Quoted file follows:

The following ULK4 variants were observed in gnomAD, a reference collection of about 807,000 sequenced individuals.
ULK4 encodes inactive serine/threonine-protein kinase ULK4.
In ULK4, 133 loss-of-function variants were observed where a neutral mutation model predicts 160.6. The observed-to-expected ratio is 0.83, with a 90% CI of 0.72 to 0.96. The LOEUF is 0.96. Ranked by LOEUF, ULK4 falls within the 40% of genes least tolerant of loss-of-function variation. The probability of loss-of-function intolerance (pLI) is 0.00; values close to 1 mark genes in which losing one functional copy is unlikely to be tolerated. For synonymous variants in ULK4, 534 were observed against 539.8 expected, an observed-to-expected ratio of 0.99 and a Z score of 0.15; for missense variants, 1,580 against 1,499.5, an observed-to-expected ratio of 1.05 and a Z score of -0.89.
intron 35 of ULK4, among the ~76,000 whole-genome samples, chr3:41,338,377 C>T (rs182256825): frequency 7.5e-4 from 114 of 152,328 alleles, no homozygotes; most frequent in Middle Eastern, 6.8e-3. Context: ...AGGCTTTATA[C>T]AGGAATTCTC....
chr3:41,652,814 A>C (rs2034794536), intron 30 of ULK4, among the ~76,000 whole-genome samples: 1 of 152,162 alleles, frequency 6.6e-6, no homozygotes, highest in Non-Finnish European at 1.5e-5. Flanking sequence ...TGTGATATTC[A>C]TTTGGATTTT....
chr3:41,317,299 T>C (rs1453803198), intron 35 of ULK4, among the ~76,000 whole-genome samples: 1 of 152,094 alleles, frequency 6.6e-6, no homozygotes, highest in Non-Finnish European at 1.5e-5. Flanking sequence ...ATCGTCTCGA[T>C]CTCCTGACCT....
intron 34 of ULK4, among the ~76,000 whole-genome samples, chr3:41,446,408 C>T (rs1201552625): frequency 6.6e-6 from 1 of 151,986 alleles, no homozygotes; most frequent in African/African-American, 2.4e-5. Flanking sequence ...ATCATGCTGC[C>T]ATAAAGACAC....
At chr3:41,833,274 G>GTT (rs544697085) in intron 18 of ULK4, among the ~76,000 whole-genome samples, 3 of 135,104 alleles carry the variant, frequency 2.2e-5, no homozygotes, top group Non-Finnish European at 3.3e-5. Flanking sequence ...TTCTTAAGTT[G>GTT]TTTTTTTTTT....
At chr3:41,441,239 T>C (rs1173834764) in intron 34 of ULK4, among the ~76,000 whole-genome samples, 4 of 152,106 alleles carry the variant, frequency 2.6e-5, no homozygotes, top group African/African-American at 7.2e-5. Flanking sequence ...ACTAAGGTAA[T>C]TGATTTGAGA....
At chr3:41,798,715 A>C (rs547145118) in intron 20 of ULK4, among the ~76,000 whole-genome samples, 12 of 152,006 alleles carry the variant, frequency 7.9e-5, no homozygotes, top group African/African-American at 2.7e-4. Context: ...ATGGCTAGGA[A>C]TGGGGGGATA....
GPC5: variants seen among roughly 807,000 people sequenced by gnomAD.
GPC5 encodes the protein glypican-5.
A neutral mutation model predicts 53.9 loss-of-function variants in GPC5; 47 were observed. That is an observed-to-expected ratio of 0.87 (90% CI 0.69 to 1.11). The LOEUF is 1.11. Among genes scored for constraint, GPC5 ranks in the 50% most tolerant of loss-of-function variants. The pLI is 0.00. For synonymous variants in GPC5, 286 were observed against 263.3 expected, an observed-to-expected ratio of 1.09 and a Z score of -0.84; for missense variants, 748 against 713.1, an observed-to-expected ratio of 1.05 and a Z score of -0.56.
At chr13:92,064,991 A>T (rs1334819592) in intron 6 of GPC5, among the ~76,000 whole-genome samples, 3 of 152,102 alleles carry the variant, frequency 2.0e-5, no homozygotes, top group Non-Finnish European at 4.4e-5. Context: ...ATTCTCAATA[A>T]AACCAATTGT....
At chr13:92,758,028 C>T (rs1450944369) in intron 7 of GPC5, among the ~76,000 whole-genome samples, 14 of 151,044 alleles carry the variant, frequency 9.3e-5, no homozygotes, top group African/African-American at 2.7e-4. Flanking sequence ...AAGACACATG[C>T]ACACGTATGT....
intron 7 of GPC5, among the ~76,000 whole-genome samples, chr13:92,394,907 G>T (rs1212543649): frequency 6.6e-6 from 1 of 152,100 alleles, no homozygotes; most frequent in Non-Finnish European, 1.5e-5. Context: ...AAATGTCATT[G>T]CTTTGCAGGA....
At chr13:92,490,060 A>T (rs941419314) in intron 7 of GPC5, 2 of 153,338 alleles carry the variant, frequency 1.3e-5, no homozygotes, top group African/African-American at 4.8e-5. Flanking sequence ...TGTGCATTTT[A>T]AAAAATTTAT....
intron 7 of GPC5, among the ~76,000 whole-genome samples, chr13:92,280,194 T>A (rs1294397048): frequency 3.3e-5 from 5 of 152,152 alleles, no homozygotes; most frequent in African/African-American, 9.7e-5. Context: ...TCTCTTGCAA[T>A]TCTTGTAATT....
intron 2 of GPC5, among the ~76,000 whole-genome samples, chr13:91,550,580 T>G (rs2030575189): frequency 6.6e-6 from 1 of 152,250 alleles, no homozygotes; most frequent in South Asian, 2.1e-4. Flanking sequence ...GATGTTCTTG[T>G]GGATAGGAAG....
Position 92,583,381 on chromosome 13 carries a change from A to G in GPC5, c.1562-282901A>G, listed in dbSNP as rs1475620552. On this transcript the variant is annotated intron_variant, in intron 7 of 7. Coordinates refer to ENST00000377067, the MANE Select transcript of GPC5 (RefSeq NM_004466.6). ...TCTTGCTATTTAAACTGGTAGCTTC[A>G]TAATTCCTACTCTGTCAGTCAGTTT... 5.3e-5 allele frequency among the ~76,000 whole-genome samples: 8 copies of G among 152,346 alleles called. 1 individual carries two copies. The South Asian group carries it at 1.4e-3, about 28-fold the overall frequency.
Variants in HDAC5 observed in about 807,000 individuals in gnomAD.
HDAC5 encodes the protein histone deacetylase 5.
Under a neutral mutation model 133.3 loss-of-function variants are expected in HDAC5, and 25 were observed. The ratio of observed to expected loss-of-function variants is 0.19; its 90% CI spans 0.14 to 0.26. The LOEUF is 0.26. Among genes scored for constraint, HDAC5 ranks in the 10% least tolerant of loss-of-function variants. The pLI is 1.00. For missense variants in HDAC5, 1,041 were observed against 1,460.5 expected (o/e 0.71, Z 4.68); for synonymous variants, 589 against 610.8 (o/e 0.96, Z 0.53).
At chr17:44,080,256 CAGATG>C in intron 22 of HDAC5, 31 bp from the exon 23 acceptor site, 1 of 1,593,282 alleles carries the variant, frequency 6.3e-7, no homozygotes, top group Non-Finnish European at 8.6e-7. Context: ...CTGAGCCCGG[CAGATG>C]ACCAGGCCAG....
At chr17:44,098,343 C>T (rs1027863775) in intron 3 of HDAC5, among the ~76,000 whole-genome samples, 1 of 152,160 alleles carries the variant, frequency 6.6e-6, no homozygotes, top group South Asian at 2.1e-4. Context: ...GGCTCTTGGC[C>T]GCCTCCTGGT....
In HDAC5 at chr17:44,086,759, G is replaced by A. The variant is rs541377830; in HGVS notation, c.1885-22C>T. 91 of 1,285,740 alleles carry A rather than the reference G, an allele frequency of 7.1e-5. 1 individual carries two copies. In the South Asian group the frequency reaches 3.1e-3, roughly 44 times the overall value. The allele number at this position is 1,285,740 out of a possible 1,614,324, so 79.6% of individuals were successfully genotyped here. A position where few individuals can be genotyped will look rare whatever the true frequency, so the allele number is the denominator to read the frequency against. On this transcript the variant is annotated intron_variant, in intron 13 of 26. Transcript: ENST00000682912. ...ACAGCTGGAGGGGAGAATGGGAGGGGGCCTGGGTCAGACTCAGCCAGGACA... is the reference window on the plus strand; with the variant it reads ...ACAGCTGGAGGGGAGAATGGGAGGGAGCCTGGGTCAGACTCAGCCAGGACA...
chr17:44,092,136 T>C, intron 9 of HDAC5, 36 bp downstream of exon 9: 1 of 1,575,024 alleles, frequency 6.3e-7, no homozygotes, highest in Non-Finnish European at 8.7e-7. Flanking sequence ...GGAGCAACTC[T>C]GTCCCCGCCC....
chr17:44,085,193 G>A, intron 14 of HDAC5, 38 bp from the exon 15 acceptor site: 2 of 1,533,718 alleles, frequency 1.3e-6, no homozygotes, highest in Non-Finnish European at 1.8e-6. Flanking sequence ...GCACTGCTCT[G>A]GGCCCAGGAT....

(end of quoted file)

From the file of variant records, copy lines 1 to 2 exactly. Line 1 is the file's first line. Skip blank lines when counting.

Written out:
The following ULK4 variants were observed in gnomAD, a reference collection of about 807,000 sequenced individuals.
ULK4 encodes inactive serine/threonine-protein kinase ULK4.